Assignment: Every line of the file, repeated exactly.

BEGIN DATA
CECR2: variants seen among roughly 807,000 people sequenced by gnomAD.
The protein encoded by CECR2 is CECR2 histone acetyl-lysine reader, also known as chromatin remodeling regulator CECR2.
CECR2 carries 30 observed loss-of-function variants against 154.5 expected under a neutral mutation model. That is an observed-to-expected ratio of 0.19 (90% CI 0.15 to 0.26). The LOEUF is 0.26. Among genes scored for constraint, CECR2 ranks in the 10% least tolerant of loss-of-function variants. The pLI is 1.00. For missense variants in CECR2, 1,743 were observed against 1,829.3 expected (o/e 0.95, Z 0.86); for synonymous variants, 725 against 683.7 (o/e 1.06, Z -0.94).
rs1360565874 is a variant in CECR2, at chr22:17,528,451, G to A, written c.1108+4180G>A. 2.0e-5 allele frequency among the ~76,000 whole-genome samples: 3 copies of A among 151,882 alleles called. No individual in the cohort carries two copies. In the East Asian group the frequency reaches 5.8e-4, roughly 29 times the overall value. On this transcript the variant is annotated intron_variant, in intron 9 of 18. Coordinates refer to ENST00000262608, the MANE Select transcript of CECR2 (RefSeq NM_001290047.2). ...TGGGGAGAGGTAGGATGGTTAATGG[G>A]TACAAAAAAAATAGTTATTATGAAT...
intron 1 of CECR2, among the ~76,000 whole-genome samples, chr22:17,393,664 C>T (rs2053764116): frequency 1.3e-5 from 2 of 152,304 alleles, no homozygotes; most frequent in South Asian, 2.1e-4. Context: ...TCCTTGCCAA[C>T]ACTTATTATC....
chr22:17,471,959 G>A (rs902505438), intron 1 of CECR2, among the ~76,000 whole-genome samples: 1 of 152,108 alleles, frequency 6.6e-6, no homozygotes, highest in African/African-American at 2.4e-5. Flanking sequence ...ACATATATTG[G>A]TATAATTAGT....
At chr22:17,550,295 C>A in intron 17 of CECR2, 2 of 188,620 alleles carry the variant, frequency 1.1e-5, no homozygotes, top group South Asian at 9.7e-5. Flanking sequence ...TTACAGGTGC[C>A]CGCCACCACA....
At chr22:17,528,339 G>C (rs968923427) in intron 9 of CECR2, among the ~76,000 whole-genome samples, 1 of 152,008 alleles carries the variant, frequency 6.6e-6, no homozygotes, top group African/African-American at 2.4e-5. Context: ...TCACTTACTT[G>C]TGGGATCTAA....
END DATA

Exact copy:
CECR2: variants seen among roughly 807,000 people sequenced by gnomAD.
The protein encoded by CECR2 is CECR2 histone acetyl-lysine reader, also known as chromatin remodeling regulator CECR2.
CECR2 carries 30 observed loss-of-function variants against 154.5 expected under a neutral mutation model. That is an observed-to-expected ratio of 0.19 (90% CI 0.15 to 0.26). The LOEUF is 0.26. Among genes scored for constraint, CECR2 ranks in the 10% least tolerant of loss-of-function variants. The pLI is 1.00. For missense variants in CECR2, 1,743 were observed against 1,829.3 expected (o/e 0.95, Z 0.86); for synonymous variants, 725 against 683.7 (o/e 1.06, Z -0.94).
rs1360565874 is a variant in CECR2, at chr22:17,528,451, G to A, written c.1108+4180G>A. 2.0e-5 allele frequency among the ~76,000 whole-genome samples: 3 copies of A among 151,882 alleles called. No individual in the cohort carries two copies. In the East Asian group the frequency reaches 5.8e-4, roughly 29 times the overall value. On this transcript the variant is annotated intron_variant, in intron 9 of 18. Coordinates refer to ENST00000262608, the MANE Select transcript of CECR2 (RefSeq NM_001290047.2). ...TGGGGAGAGGTAGGATGGTTAATGG[G>A]TACAAAAAAAATAGTTATTATGAAT...
intron 1 of CECR2, among the ~76,000 whole-genome samples, chr22:17,393,664 C>T (rs2053764116): frequency 1.3e-5 from 2 of 152,304 alleles, no homozygotes; most frequent in South Asian, 2.1e-4. Context: ...TCCTTGCCAA[C>T]ACTTATTATC....
chr22:17,471,959 G>A (rs902505438), intron 1 of CECR2, among the ~76,000 whole-genome samples: 1 of 152,108 alleles, frequency 6.6e-6, no homozygotes, highest in African/African-American at 2.4e-5. Flanking sequence ...ACATATATTG[G>A]TATAATTAGT....
At chr22:17,550,295 C>A in intron 17 of CECR2, 2 of 188,620 alleles carry the variant, frequency 1.1e-5, no homozygotes, top group South Asian at 9.7e-5. Flanking sequence ...TTACAGGTGC[C>A]CGCCACCACA....
At chr22:17,528,339 G>C (rs968923427) in intron 9 of CECR2, among the ~76,000 whole-genome samples, 1 of 152,008 alleles carries the variant, frequency 6.6e-6, no homozygotes, top group African/African-American at 2.4e-5. Context: ...TCACTTACTT[G>C]TGGGATCTAA....